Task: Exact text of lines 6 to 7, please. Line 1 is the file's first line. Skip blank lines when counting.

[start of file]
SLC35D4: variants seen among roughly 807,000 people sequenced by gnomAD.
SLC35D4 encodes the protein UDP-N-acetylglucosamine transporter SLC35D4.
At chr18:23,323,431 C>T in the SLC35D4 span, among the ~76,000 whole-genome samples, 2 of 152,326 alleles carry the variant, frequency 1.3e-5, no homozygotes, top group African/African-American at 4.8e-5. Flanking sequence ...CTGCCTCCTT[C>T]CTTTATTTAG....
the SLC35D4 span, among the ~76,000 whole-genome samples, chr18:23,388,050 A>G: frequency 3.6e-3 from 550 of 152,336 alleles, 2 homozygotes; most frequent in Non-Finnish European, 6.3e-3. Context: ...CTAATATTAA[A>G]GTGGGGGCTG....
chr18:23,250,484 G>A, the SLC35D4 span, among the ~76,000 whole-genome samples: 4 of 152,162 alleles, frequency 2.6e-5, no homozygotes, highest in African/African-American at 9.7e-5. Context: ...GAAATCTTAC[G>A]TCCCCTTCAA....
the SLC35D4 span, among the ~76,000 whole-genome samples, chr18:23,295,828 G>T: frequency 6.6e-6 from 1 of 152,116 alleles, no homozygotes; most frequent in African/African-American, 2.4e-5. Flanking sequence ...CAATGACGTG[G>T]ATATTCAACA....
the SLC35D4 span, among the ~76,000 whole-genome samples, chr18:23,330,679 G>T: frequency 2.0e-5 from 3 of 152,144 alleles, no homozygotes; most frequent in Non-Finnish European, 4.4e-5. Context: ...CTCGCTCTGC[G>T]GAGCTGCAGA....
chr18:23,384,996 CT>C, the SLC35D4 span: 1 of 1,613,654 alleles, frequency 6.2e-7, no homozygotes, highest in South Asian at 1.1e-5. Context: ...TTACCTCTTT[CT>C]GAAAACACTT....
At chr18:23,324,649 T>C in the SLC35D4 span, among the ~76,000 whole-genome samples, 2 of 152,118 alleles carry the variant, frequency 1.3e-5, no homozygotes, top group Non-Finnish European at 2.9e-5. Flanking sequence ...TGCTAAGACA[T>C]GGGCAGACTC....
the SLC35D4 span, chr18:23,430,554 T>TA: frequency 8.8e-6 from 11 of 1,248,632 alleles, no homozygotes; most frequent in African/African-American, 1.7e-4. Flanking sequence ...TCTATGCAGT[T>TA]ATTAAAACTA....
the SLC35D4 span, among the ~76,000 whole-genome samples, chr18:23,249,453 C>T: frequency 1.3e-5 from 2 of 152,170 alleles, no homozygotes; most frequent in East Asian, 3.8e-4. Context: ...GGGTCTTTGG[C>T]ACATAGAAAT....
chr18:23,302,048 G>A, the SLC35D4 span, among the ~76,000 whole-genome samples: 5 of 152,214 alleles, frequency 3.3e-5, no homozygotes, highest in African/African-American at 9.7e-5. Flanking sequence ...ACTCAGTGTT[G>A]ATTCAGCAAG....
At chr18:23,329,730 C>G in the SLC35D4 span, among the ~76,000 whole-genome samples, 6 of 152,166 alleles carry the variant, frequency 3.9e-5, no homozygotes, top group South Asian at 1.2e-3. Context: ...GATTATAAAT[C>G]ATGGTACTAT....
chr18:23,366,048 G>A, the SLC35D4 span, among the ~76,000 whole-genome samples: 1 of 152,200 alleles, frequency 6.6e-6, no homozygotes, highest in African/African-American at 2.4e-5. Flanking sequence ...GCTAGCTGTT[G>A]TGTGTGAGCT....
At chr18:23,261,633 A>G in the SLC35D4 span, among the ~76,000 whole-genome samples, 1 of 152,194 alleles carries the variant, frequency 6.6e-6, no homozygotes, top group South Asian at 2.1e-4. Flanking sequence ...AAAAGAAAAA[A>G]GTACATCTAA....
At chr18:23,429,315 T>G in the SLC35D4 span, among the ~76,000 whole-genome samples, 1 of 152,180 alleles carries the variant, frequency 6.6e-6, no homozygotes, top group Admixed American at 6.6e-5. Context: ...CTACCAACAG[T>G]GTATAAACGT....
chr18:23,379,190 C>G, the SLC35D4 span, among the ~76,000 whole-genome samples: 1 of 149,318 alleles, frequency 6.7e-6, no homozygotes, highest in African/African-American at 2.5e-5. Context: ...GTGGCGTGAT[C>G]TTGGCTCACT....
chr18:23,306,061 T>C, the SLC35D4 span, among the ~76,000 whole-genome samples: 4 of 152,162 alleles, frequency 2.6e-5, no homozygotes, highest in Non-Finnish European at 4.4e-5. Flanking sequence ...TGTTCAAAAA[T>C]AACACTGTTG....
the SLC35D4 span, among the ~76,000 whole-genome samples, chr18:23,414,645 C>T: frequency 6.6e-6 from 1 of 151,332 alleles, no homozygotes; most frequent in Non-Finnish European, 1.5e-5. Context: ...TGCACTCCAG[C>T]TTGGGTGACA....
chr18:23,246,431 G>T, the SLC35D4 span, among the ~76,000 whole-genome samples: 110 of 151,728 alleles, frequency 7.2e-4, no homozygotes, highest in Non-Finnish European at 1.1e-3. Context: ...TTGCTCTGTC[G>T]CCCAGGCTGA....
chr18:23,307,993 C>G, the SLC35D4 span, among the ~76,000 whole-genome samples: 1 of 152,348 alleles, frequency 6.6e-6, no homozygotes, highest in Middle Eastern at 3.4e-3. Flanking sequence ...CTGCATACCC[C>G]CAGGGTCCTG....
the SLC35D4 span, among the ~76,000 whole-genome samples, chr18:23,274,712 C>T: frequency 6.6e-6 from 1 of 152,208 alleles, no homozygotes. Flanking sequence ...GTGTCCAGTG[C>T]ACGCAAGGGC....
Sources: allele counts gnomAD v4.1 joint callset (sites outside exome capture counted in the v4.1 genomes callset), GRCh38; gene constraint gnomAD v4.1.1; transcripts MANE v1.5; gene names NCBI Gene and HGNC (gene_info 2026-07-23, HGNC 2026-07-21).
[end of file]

the SLC35D4 span, among the ~76,000 whole-genome samples, chr18:23,295,828 G>T: frequency 6.6e-6 from 1 of 152,116 alleles, no homozygotes; most frequent in African/African-American, 2.4e-5. Flanking sequence ...CAATGACGTG[G>T]ATATTCAACA....
the SLC35D4 span, among the ~76,000 whole-genome samples, chr18:23,330,679 G>T: frequency 2.0e-5 from 3 of 152,144 alleles, no homozygotes; most frequent in Non-Finnish European, 4.4e-5. Context: ...CTCGCTCTGC[G>T]GAGCTGCAGA....